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General property tax.
Recommendations of the commission..
Assessment of real and personal property
Collateral inheritance tax
Incorporation and franchise taxes...
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TAXATION IN WARIOUS STATES.
To the Industrial Commission: I have the honor to submit here with a report or compendium of the systems of taxation with especial reference to corporations in each of the following States, viz: Massachusetts, Connecticut, New York, New Jersey, Pennsylvania, Ohio, Indiana, Michigan, Illinois, Wisconsin, Iowa, and Texas. These States were selected, as directed by the Commission, because of their industrial prominence and the varied character of the systems of corporate taxation therein. It was found that one feature common to all these States, and running through all systems, namely, the general property tax, or as it has been designated, the “American system,” applies not only to individual properties, but also, directly or indirectly, to a greater or less extent, to corporate property as well. This observation is doubtless true of all States in the Union. For this reason it was deemed necessary to set forth the distinctive features of the entire system of taxation in each State applicable to general as well as corporate property, not only as a matter of information, but in order to present an intelligent and comprehensive view of the various methods for the assessment and taxation of corporations, the reasons and principles upon which they are based, and their comparative merits and results. While in some States there is a marked tendency toward the segregation of corporate property from the general property tax, and its subjection to special methods better adapted to property of that peculiar character and reducing the taxation thereof to a rational and harmonious system, thus far the separation is nowhere complete. An effort has been made therefore to present the characteristic features, the merits and defects, of the system in vogue in each State, and in some instances the efforts made to reform it and the difficulties encountered, giving especial attention to the taxation of corporations. In each instance it has been necessary to examine the taxation laws, the work of legislative committees and appointive tax commissions, and a mass of public reports and records in order to present intelligently the system of taxation existing, that your Commission might in the end have a basis for suggestions and recommendations as to changes and reforms in the State systems, and as to interstate action with a view to uniformity of taxation methods applied to corporations. This investigation has necessarily been somewhat tedious and laborious, and this report, in view of the limitation in the time allotted therefor, is submitted with the consciousness that it is not as thorough and complete as the writer would have desired and not devoid of imperfections. I trust, however, that it may serve the purpose of your Commission.
REVIEW OF CONDITIONS.
In the States hereinafter reported upon are represented substantially all the
special methods thus far devised for the taxation of corporations of a quasi
public character, except that of a fixed rate upon net earnings, which is in vogue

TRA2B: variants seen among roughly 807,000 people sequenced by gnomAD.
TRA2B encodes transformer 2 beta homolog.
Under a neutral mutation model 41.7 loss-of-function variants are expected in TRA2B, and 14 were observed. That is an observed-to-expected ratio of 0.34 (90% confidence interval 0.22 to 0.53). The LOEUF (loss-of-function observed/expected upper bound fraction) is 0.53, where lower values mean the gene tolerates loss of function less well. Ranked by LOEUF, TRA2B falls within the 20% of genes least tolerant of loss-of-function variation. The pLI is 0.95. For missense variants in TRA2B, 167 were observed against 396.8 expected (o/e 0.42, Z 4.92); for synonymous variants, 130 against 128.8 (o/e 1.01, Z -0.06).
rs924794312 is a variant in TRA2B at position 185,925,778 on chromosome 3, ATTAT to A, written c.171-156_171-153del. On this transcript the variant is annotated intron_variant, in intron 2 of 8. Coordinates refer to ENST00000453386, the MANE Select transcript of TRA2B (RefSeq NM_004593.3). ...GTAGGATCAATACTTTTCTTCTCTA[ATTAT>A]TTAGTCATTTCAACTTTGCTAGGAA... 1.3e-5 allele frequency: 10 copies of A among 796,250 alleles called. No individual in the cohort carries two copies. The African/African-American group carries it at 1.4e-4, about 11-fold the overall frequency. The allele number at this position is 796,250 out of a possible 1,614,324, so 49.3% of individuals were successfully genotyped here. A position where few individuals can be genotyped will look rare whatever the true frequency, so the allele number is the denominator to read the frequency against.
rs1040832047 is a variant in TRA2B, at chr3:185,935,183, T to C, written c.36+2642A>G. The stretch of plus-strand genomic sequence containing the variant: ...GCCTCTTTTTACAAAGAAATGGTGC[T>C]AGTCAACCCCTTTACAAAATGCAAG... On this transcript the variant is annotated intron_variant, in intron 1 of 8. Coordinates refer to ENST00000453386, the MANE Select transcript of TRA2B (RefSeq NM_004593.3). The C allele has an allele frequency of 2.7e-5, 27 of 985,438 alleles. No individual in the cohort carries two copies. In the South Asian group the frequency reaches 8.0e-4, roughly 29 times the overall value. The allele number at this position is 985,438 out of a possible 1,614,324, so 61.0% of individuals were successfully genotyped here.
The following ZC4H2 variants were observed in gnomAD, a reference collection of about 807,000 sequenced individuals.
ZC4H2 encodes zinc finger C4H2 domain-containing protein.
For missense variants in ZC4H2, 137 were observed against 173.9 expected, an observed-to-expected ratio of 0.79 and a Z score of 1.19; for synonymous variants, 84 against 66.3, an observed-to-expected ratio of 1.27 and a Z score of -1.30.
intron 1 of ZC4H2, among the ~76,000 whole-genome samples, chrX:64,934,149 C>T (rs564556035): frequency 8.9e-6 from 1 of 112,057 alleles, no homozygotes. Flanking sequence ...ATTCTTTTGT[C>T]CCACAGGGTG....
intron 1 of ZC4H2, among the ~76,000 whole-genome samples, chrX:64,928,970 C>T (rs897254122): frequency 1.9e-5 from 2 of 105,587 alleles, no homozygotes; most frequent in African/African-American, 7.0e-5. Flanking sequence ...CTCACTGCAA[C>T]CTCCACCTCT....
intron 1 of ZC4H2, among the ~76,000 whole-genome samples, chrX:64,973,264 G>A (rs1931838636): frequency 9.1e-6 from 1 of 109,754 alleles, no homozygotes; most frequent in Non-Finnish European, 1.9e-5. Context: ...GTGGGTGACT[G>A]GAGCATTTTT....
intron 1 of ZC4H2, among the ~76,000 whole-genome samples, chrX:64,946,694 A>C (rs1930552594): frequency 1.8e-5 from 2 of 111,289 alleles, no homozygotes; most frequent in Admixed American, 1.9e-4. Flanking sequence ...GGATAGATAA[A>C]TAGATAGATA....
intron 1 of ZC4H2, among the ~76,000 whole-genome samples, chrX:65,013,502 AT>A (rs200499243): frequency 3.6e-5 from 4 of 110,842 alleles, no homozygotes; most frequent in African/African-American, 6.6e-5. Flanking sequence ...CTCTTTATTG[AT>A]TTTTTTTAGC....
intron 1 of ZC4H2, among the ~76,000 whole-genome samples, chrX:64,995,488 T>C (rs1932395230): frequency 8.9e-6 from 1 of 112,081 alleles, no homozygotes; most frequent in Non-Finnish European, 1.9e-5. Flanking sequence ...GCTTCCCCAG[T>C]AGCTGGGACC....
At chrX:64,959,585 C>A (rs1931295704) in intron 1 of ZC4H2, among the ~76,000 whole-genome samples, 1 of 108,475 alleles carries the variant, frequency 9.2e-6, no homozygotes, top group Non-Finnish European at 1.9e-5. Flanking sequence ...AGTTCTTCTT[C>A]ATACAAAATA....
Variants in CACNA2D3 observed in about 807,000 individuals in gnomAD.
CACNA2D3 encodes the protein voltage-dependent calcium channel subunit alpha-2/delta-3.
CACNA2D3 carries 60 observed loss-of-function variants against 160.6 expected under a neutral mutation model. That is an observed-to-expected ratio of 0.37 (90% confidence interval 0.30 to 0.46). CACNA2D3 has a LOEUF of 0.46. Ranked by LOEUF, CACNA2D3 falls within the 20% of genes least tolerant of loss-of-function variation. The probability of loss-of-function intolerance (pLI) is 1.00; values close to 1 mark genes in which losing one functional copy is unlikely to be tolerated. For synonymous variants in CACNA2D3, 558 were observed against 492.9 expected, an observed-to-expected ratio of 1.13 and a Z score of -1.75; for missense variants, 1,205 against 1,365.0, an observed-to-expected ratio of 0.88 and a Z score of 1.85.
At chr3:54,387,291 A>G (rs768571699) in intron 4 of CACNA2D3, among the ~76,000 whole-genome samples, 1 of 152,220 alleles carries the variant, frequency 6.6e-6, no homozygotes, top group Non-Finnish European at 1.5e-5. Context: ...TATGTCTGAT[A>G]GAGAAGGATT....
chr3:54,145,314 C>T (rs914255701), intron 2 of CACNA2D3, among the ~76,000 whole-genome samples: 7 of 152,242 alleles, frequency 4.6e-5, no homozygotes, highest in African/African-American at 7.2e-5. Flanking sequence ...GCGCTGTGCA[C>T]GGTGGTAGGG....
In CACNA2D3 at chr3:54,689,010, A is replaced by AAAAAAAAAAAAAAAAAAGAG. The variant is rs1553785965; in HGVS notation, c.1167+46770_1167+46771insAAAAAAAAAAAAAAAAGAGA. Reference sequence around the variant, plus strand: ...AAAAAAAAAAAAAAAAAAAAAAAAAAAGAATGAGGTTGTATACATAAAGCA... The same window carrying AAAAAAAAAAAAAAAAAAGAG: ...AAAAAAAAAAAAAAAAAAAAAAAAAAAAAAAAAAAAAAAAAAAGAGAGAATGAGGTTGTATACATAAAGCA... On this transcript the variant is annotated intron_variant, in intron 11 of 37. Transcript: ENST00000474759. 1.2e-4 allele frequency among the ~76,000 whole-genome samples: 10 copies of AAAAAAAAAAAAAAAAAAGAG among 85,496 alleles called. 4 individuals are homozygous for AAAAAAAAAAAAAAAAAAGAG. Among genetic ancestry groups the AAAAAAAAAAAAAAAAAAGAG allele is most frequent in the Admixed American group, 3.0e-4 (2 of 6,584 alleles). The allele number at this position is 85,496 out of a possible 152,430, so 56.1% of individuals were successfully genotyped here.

in the States of Delaware and Virginia, and advocated by some distinguished writers upon the subject of taxation. It is a simple method, requiring no special elucidation. While, as an abstract principle, it may perhaps be regarded as theoretically correct, still, under existing economic conditions and varied business development of such corporations, and in view of the experience of some States with it, it can hardly be regarded as preferable in actual practice to that of a State tax upon gross earnings. The inadequacy, under existing economic conditions, of the general property tax, so called, and its utter failure, even under the most rigorous and effective administrative methods that have been devised, to reach for taxation property of a corporate and intangible character, are recognized in all the States named. It is clear that under this system there are numerous forms of wealth that do not and can not be made to bear a just share of the public burdens, and which in large part evade or escape taxation, and some forms which, when reached at all under the prevailing general property tax, are not equally and uniformly but unjustly and disproportionately taxed, as compared with other property. The inevitable result is that real estate and some forms of personalty are unduly burdened with taxation. These conditions under the search light of aggressive investigation have engendered positive public and political agitation in many of the States, and have inclined people in every State, keenly alive to prevailing injustice, to vigorous criticism and denunciation of “tax-dodging” individuals and corporations. While State tax officials, tax commissioners, and writers upon taxation, with considerable justification, inveigh against the efforts of individuals and corporations to evade and escape just taxation, it should in justice be said that there is a lack of appreciation of the fact that the principal cause of these conditions is inherent in the system itself, rather than in a general desire to avoid just taxation. In all the States named vast amounts of property are virtually exempt from taxation, and other property is unjustly and grievously burdened through the operation of bad systems and injudicious laws. It is useless to inveigh against tax dodgers and faulty administration unless the methods of taxing such classes of property are changed. Representatives of corporate management and others are animated usually not so much by the fear of “equal taxation” as of unequal taxation under the prevailing systems. Justice Cooley, in his work on Taxation, says: The assessment of personal property reaches so small a portion of the amount really protected by Government that it might almost be said that laws for the #. remain on the statute books rather as incentives to evasion and fraud in the dealings of the citizen with the State than as a means of raising a revenue for public purposes. This might aptly be applied to the system for the taxation of corporations as well as intangible personalty in many of the States, a system that puts a premium upon evasion and inflicts a penalty upon honesty and weakness. The remedies seem to lie in the adoption by the several States, working in harmony so far as may be, of new and modern methods based on correct principles for the taxation of special forms of property, separate and distinct from the general property tax in respect to both valuation and rates of taxation, and a thorough administration thereof. In the States investigated there has been more or less departure from the general property tax toward the adoption of special methods for the taxation of corporations. With few exceptions, however, efforts in that direction have thus far been devoid of real method or design, and upon the whole “chaos” is the only descriptive term applicable to existing conditions in Commonwealth taxation. There is a marked tendency in all these States toward making earning power the basis of taxation for quasi-public corporations. Properly directed, this must be regarded as the correct principle and capable of practical application to such corporations under existing industrial conditions. There is also, however, a strong inclination to cling to the old system in part, and to use this principle in conjunction with some feature or factor of the property tax, more particularly to use earning power as a basis of property valuations in connection with property tax or “uniform " rates. A mistaken conception of the property-tax theory of “uniformity,” and a general disposition to apply the misleading iron rule of equal taxation to all forms of property, are revealed in most of these States, so far as public sentiment is concerned. As bearing upon this observation, the following is quoted from the case of Pacific Express Company v. Seibert (142 U. S. Supreme Court Reports, 851): This court has repeatedly laid down the doctrine that diversity of taxation, both with respect to the amount imposed and the various species of property selected either for bearing its burdens or for being exempt from them, is not inconsistent with a perfect uniformity and equality of taxation in the proper sense of those terms; and that a system which imposes the same tax upon every species of property, irrespective.o its nature, con ition, or class, will be destructive of the principle of uniformity and equality in taxation and of a just adaptation of property to its burdens. The great problem of Commonwealth taxation, of commanding interest in all States, consists practically of reform in the methods of taxing corporations and individual personalty of an intangible character, and an improved administration of a circumscribed property tax. The principles that taxes should be levied in proportion to ability to pay, and that, even under the general property system, they are designed to be upon persons rather than upon property, are generally recognized. Under existing economic conditions property is no longer regarded as an adequate test of ability to contribute to the support of the government. Hence the marked tendency to apply different tests to special classes of property owners. There is a growing class of citizens who receive large incomes or salaries, and enjoy all the advantages of society and good government, who, though possessed of abundant ability to pay taxes, are, under existing systems, practically exempt from taxation or inadequately taxed. This class is receiving and must continue to receive especial attention in the revision or reformation of taxing systems in the several States. While a tax upon individual incomes is generally conceded to be just and equitable in principle, it has been received with disfavor and regarded as impractical in its operation. It is apparent, however, to the careful student of Commonwealth taxation, that because of its justice and the increasing efficiency of State administrative methods that are being evolved, the idea of a limited supplementary State income tax is growing in favor and coming to be more generally regarded as a practical measure under State supervision. Such a tax has always prevailed in Massachusetts, the present law of that Commonwealth, which the legislature recently refused to abandon, imposing a tax upon so much of the income of a profession, trade, or employment as exceeds the sum of $2,000, but exempting income derived from property subject to taxation. While this law is imperfectly administered, it is not infrequently suggested by eminent authorities upon the subject that a supplementary income tax of that character imposed directly by the States, under modern methods of administration, would become an efficient and practical source of State revenue. In conjunction with the principle of taxing corporations upon earning capacity it seems destined to receive increasing consideration in the several States. GEORGE CLAPPERTON.